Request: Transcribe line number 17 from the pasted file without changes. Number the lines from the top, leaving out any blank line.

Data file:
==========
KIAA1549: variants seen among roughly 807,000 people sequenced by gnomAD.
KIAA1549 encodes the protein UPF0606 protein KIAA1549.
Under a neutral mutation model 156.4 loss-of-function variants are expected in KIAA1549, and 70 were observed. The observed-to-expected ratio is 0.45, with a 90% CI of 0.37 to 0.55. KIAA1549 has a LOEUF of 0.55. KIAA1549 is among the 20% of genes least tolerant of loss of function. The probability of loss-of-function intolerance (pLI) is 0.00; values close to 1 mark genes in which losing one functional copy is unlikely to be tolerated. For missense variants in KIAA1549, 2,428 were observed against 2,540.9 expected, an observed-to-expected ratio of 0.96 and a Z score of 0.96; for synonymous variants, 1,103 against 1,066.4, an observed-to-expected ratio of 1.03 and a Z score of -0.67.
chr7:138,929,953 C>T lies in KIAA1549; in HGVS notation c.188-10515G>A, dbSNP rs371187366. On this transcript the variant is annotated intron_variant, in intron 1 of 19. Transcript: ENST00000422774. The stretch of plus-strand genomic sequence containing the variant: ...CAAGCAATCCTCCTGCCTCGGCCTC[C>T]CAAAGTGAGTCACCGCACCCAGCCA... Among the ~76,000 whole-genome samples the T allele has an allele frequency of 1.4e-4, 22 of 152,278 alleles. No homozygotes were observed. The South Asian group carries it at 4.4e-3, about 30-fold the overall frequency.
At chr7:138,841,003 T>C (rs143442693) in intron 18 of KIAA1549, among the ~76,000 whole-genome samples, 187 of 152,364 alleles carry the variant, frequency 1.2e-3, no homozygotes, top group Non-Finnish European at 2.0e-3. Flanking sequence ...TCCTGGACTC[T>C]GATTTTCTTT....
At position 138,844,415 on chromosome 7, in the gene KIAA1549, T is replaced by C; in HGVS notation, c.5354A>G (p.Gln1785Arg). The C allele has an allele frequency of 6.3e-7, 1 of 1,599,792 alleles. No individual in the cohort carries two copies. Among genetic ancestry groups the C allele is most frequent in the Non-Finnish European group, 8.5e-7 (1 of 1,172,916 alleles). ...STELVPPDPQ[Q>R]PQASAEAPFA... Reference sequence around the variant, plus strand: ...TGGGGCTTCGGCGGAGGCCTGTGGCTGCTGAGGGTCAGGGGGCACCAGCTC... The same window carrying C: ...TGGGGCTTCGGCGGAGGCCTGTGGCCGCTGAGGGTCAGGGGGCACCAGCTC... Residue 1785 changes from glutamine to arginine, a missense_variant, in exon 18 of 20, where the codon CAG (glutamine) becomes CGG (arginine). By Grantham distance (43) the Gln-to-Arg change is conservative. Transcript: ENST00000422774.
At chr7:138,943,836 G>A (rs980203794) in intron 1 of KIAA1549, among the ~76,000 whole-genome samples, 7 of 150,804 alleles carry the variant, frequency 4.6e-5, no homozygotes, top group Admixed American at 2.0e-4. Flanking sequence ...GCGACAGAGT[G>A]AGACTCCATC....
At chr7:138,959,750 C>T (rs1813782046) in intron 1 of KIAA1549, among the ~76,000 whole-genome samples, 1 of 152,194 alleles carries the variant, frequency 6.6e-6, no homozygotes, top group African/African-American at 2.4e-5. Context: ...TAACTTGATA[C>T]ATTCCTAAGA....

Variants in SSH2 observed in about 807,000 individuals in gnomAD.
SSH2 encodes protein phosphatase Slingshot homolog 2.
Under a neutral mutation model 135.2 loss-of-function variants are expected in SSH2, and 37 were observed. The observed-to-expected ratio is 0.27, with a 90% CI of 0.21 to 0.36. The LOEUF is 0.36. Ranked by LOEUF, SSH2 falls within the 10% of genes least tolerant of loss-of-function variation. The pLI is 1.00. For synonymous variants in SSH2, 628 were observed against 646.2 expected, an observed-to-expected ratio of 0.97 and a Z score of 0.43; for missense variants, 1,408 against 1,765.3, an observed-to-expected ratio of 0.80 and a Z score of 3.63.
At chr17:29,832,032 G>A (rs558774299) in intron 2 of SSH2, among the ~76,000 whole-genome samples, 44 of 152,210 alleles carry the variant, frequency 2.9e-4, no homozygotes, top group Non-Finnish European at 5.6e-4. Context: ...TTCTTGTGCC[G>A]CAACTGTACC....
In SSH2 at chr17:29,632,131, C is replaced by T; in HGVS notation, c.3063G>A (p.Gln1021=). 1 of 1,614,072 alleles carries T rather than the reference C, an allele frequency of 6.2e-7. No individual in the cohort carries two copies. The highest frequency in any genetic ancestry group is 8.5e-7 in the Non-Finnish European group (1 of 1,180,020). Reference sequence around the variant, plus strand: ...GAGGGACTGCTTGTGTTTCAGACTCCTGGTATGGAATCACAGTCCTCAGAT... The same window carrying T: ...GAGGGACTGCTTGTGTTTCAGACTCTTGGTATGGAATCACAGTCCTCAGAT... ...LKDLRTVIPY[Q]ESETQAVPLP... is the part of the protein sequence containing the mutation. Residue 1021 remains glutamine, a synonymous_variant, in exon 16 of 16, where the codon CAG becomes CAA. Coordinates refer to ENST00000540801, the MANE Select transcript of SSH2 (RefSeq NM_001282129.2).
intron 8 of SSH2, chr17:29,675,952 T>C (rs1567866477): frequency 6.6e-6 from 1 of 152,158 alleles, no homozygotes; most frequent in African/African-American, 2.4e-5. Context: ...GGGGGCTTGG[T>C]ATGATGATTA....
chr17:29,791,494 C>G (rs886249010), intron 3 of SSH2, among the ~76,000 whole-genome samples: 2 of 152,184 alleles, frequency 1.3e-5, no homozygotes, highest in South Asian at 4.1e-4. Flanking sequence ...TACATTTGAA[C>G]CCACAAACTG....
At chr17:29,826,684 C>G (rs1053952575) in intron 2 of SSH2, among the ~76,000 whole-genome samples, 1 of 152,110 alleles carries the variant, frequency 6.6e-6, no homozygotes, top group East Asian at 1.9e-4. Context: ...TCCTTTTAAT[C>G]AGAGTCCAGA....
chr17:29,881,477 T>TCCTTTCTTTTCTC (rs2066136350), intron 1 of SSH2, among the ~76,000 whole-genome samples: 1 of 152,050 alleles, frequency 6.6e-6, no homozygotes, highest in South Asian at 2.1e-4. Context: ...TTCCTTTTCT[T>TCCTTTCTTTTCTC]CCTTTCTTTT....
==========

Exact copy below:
chr17:29,881,477 T>TCCTTTCTTTTCTC (rs2066136350), intron 1 of SSH2, among the ~76,000 whole-genome samples: 1 of 152,050 alleles, frequency 6.6e-6, no homozygotes, highest in South Asian at 2.1e-4. Context: ...TTCCTTTTCT[T>TCCTTTCTTTTCTC]CCTTTCTTTT....